Panel: Unfixable FEMA should close
Blethen Maine Newspapers
By BART JANSEN
April 27, 2006
WASHINGTON — Congress should dismantle the Federal Emergency Management Agen- cy in the wake of its botched response to Hurricane Katrina and replace it with an agency better equipped to respond to disasters, according to a committee chaired by Maine Sen. Susan Collins. The recommendation is among 85 to be released today by the bipartisan leadership of the Homeland Security and Governmental Affairs Committee. The panel reviewed 830,000 pages of documents, interviewed 320 witnesses and held 22 hearings during a seven-month investigation of the response to Katrina.
Collins, a Republican, and the committee's top Democrat, Sen. Joseph Lieberman of Connecticut, developed the recommendations to avoid recurrent problems in the event of natural disasters or terrorist attacks.
"We have concluded that FEMA is in shambles and beyond repair and that it should be abolished," Collins said. "Our report will recommend a new authority that is better equipped with the tools to prepare for and respond to a disaster."
Their report will be given to committee members today and released publicly next week. The Portland Press Herald/Maine Sunday Telegram obtained a 29-page summary of recommendations that the senators will release today at a news conference.
Lieberman plans to file additional views that are critical of the White House's role in the response to Katrina. He complained, for example, that the president and the White House staff seemed "surprisingly detached" until two days after the storm's landfall, adding "to a grossly ineffective federal response."
FEMA officials weren't familiar with the committee's recommendation and declined comment until the report is released.
"I haven't even seen the report or anything at this point," said Michael Widomski, a FEMA spokesman.
The report is the latest exhumation of problems with the government response after Katrina hit the Gulf Coast on Aug. 29 and subsequent flooding inundated New Orleans.
It recommends legislation and other steps to brace against another natural disaster or terrorist attack.
A special House investigative committee reported Feb. 15 on failures at all levels of government: emergency responders didn't anticipate the catastrophe with better evacuations; poor communications paralyzed commanders; confusion delayed medical care and allowed preventable deaths.
"Better information would have been an optimal weapon against Katrina," said the report headed by Rep. Tom Davis, R-Va. "The failure of initiative was also a failure of agility."
On Feb. 23, the White House issued its own report of "harsh lessons" by Frances Fragos Townsend, President Bush's assistant for homeland security.
Its 125 recommendations focused on greater cooperation among the federal, state and local agencies that respond to emergencies.
For example, the report recommended setting up a joint field office to coordinate the Federal Emergency Management Agency, the Department of Homeland Security and the Department of Defense.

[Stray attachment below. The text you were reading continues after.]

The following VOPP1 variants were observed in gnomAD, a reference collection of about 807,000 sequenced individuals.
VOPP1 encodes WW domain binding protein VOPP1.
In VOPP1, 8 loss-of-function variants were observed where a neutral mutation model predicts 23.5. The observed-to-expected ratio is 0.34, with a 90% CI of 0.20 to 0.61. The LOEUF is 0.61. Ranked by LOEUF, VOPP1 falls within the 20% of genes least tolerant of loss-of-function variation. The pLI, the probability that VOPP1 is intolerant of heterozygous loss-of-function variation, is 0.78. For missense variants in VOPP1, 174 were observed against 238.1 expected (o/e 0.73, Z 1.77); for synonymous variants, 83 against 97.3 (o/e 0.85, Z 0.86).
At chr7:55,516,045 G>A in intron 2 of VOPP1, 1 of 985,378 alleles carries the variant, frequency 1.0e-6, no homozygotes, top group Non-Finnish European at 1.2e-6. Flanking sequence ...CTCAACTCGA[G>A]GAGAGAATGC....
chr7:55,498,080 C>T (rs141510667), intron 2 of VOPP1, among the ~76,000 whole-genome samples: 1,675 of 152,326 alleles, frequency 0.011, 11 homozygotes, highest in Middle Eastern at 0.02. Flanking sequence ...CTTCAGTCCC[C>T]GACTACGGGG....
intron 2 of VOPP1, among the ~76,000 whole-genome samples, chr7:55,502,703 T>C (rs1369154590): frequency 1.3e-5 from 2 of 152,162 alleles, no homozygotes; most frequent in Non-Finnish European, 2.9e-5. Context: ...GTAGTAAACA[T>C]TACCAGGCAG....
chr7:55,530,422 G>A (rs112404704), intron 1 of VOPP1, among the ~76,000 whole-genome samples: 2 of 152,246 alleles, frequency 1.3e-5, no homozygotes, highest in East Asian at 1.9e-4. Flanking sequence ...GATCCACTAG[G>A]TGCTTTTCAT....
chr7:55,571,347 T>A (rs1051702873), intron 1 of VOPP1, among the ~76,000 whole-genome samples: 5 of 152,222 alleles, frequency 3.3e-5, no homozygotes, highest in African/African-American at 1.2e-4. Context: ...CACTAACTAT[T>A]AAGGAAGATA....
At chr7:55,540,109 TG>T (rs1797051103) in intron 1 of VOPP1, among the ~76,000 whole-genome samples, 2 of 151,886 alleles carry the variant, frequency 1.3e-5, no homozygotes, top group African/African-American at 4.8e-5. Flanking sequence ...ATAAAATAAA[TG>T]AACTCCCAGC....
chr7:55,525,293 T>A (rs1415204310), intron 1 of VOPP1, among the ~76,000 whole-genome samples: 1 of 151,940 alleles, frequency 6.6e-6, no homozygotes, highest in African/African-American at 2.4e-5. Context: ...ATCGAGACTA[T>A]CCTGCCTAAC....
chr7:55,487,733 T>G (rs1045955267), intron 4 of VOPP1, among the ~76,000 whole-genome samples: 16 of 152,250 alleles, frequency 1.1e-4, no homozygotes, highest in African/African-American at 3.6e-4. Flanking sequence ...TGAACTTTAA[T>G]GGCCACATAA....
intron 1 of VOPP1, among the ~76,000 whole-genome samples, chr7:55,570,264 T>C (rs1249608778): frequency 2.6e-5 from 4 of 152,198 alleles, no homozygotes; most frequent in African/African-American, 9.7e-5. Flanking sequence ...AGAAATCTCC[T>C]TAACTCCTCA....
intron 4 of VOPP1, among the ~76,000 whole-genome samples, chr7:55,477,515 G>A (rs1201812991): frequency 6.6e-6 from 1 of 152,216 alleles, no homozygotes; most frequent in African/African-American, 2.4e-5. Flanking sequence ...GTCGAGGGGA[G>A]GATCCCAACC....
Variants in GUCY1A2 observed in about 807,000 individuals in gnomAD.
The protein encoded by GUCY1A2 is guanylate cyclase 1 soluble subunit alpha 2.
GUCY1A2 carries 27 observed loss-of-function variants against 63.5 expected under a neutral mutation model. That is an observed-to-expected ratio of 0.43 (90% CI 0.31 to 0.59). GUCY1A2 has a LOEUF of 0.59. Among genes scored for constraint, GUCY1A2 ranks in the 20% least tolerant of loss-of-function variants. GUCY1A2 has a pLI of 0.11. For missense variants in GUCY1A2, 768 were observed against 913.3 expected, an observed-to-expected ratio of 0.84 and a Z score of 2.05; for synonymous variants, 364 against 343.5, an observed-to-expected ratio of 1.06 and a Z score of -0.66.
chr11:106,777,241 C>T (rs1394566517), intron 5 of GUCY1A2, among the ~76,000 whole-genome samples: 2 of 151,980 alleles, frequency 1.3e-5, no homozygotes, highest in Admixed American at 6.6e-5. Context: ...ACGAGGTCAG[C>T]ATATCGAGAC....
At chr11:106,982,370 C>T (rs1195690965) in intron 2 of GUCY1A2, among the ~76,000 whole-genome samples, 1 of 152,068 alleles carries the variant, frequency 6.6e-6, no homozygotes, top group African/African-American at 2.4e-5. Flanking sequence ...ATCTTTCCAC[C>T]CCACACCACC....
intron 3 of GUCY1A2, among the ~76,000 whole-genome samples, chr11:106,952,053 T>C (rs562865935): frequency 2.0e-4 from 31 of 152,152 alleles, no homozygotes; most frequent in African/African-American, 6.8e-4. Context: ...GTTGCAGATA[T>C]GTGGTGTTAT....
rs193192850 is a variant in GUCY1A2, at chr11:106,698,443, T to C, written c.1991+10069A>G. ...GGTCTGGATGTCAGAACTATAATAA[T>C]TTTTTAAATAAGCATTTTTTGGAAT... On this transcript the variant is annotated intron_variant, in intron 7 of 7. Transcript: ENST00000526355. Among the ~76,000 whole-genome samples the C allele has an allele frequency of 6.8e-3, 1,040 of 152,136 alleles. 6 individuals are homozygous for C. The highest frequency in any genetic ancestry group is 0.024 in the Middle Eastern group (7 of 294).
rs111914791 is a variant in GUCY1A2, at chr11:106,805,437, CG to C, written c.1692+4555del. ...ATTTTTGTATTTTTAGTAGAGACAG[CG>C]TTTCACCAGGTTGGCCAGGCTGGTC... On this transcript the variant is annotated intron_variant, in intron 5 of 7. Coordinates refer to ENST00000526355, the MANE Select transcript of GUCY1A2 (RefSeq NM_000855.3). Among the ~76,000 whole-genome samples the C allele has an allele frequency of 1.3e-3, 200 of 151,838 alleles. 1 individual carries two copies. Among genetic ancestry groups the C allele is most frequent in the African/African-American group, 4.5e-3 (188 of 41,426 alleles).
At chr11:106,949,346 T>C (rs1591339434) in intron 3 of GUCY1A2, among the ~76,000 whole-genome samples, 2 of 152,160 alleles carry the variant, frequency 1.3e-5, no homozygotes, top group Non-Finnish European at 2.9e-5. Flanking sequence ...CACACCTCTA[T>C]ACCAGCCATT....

Throughout the reviews, for- mer FEMA director Michael Brown was criticized for failing to notify homeland security superiors about the severity of problems enveloping the Gulf Coast. He rebutted the charges, saying he dealt directly with colleagues at the White House.
Katrina exposed a lack of coordination within the Department of Homeland Security, which combined 22 agencies and about 180,000 workers after the terrorist attacks of Sept. 11, 2001. FEMA, which had 2,500 workers, was an office in the president's Cabinet before becoming part of the larger department.
In calling for the abolition of FEMA, Collins and Lieberman called for a National Preparedness and Response Authority within the Department of Homeland Security to serve as the foundation for the country's emergency management system.
The director would have more power, reporting directly to the president during emergencies. The agency's budget would also grow significantly as it took control of grant programs, training and other functions, such as medical operations, which are now spread throughout the homeland security department.
While other lawmakers have proposed separating FEMA from the department to restore its independence, Collins and Lieberman argued that such a move could cause new problems with duplication of functions and lack of coordination.
To protect the new agency from turf battles or reduced authority, the report proposed that it be distinct, like the Coast Guard and the Secret Service. The new agency would also be protected somewhat from across-the-board spending cuts.
"The NPRA would fuse the department's emergency management, preparedness and critical infrastructure assets into a powerful new organization that can confront the challenges of natural or man-made catastrophes," the report said.
Abolishing FEMA and creating a new agency would require legislation, leaving the decision up to Congress. But one goal of the changes is to prevent the head of homeland security from weakening the agency administratively, as lawmakers said happened under Secretary Michael Chertoff.
Washington Correspondent Bart Jansen can be contacted at 202-488-1119 or at:
Finally, calling Lieberman democrat is an insult to our intelligence. He's become a right wing fascist. With any luck, he'll lose the upcoming primary and join the long list of conservative democrats who can't cut it in the real world.